James Renwick was inspired by the Louvre's Tuileries addition in Paris and modeled the gallery in the Second Empire style that was then the height of French fashion. The Renwick Gallery was built originally as a public museum for William Corcoran's private art collection.
Exterior view, around 1861
Renwick's design dramatized the mansard roofs with ornamental iron railings and a pavilion motif. Quoined pilasters decorated the first floor exterior and fluted pilasters on the second floor were designed with crescent pediments.
1861 Corcoran Art Building
The Renwick Gallery was designed in 1859 by the distinguished architect James Renwick Jr., who also designed the Smithsonian's "Castle" and St. Patrick's Cathedral in New York City. It is one of the most elegant examples of Second Empire architecture in the U.S. The building originally housed the Corcoran Gallery of Art. It was transferred to the Smithsonian in 1965 for use as a "gallery of arts, craft, and design. After renovation, it opened to the public in 1972.
U.S. Quarter Master General staff members on the front steps of the building, 1865
In 1861, construction of the building was interrupted by the Civil War; the U.S. Quarter Master General Montgomery C. Meigs and his staff occupied the partially constructed building from 1862 to 1869.
Grand Salon, around 1874-1899
The building was eventually returned by the government in 1869, and construction resumed for its use as a public art museum. On January 19, 1874, the Corcoran Gallery of Art opened to the public with three rooms: the Hall of Bronzes, the Main Picture Gallery, and the Octagon Room.
Front Façade With Statues, 1880s
In the 1880s, the façade niches were filled with seven-foot statues by the sculptor Moses Ezekiel representing Phidias, Michelangelo, Rubens, Rembrandt, Raphael, Titian, Durer, Leonardo, Murillo, Canova, and Thomas Crawford. Crawford, who created the "Freedom" sculpture that sits atop the Capitol, was the only American artist honored among the famous European artists.
Hall of Sculpture, 1882
In 1874, the Hall of Sculpture and two smaller sculpture rooms opened.
U.S. Court of Claims, 1950s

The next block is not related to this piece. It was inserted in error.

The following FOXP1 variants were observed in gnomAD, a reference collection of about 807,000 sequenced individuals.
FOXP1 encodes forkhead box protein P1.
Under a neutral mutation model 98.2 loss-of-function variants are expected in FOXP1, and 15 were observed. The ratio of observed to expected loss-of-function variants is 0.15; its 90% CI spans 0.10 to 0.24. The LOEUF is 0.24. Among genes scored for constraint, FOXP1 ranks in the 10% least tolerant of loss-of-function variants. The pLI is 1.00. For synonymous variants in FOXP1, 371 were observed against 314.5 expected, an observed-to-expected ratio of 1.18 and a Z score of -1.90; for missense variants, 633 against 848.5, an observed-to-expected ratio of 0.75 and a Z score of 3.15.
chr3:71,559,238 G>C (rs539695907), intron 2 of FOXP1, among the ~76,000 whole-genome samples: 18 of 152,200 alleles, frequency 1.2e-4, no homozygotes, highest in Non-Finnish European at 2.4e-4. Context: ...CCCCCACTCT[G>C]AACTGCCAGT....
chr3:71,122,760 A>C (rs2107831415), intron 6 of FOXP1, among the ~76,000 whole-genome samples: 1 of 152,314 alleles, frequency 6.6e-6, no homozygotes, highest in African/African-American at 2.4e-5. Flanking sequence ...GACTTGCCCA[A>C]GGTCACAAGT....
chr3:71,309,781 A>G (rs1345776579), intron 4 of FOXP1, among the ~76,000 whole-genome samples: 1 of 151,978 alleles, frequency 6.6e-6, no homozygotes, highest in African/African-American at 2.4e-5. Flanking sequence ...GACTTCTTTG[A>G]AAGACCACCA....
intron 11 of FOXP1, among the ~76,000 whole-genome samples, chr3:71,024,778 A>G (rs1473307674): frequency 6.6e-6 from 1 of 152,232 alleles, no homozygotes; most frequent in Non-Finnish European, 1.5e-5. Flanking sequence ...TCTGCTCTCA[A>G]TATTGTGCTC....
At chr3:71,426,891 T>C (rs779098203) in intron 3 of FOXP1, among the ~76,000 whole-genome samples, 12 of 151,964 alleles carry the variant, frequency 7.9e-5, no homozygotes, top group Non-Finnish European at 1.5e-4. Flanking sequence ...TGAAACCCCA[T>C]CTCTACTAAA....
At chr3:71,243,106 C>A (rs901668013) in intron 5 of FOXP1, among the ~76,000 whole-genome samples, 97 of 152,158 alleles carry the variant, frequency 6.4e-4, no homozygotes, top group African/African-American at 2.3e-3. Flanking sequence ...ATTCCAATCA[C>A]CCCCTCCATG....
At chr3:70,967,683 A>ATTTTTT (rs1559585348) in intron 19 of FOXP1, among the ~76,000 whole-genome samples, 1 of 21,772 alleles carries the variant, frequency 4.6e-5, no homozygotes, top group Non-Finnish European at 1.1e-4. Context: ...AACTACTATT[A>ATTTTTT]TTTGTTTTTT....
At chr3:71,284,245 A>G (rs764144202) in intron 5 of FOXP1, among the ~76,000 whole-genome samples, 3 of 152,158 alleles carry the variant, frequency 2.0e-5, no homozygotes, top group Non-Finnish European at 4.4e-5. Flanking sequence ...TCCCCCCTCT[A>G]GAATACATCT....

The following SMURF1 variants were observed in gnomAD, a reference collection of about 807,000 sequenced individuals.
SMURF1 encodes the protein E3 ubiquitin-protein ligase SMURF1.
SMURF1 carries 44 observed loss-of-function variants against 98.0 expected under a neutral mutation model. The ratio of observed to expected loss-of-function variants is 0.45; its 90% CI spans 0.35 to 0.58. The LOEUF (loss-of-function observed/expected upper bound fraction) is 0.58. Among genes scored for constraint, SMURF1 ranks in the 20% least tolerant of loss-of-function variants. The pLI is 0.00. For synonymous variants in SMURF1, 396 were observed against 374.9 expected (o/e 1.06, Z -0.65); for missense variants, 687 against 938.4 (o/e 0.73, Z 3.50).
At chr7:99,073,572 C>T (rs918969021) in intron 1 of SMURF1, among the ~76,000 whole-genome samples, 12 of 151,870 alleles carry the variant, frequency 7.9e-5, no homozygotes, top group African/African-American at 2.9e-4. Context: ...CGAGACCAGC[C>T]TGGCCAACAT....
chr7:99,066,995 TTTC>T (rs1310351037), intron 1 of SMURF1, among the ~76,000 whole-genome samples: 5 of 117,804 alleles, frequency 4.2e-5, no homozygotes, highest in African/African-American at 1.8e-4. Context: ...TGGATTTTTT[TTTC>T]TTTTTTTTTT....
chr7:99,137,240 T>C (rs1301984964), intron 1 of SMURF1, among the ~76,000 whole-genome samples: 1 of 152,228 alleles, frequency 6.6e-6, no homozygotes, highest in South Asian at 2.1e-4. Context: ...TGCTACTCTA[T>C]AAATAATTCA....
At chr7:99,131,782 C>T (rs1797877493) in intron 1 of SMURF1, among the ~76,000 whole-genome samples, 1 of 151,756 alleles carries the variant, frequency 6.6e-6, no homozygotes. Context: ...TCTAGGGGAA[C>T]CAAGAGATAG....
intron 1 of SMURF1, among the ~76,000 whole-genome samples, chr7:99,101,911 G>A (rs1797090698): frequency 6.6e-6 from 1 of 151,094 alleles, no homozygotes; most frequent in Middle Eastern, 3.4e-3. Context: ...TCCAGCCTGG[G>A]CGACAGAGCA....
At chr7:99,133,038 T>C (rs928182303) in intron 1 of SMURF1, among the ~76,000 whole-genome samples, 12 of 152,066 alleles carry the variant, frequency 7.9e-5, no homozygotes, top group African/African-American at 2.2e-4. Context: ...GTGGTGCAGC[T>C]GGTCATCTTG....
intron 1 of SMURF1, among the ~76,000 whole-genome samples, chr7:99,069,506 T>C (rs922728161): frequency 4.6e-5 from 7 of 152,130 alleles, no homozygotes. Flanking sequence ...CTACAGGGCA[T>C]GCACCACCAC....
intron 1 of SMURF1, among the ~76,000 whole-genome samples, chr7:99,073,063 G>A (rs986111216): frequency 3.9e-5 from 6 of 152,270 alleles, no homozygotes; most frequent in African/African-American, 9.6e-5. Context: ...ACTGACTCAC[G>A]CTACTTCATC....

The U.S. Court of Claims was located in the building from 1899 to 1964. During this time, the skylights were closed and the beautiful Grand Salon was subdivided into two rooms.
Stair Hall, second floor, 1956
In 1956, Congress proposed that the building be razed. First Lady Jacqueline Kennedy led the campaign to save the Renwick Gallery as part of her plan to restore Lafayette Square.
"..it is really quite lovely and a precious example of the period of architecture which is fast disappearing. I so strongly feel that the White House should give the example in preserving our nation's past."
–Jackie Kennedy, March 6, 1962, to Bernard L. Boutin, GSA
President Lyndon B. Johnson and Smithsonian Sec. S. Dillon Ripley
President Johnson and Secretary Ripley inspect the Renwick Gallery renovation soon after the building was transferred to the Smithsonian. It had been the Court of Claims Building, May 26, 1965, LBJ Library
Photo by Yoichi Okamoto
Renwick Gallery during renovation, 1967-1972
The Court of Claims moved out of the building in 1964. President Lyndon Johnson transferred the building to the Smithsonian on June 23, 1965 so that it might be returned to its original purpose, "Dedicated to Art." Washington, D.C.-based architect Hugh Newell Jacobson led the interior renovation. The Renwick Gallery, newly named in honor of its original architect, opened to the public in 1972, following the renovation.
Grand Salon, around 1974-1975
"I returned the interiors to Renwick's intent for the gallery, respecting the scale and order of the building."
–Hugh Newell Jacobson
Portal Gates by Albert Paley, at entrance to Renwick museum shop, first installed in 1976.
Octagon Room, 1975
Grand Salon, 2009
In 2000, the Grand Salon was refurbished with a new lighting system in the historic laylight and a color scheme of deep rose and cream. Artworks from the museum's collection are hung salon-style to re-create the elegant setting of a 19th-century collector's picture gallery.
Photo by Ron Blunt
The Renwick Gallery is the premier showcase for American ingenuity and creativity. It has been home to the Smithsonian American Art Museum's craft and decorative art program since 1972. The building was an early addition to historic Washington more than 150 years ago.
Photo by Ron Blunt
Central South Façade
Over the front entrance, the words "Dedicated to Art" are inscribed in stone, symbolizing early aspirations of the nation for a great civilization. Renwick included American influences in his design, which can be seen in the capitals of the Corinthian columns with cornhusks instead of acanthus leaves—a direct reference to the column capitals of the U.S. Capitol building designed by Benjamin Henry Latrobe. Photo by Ron Blunt.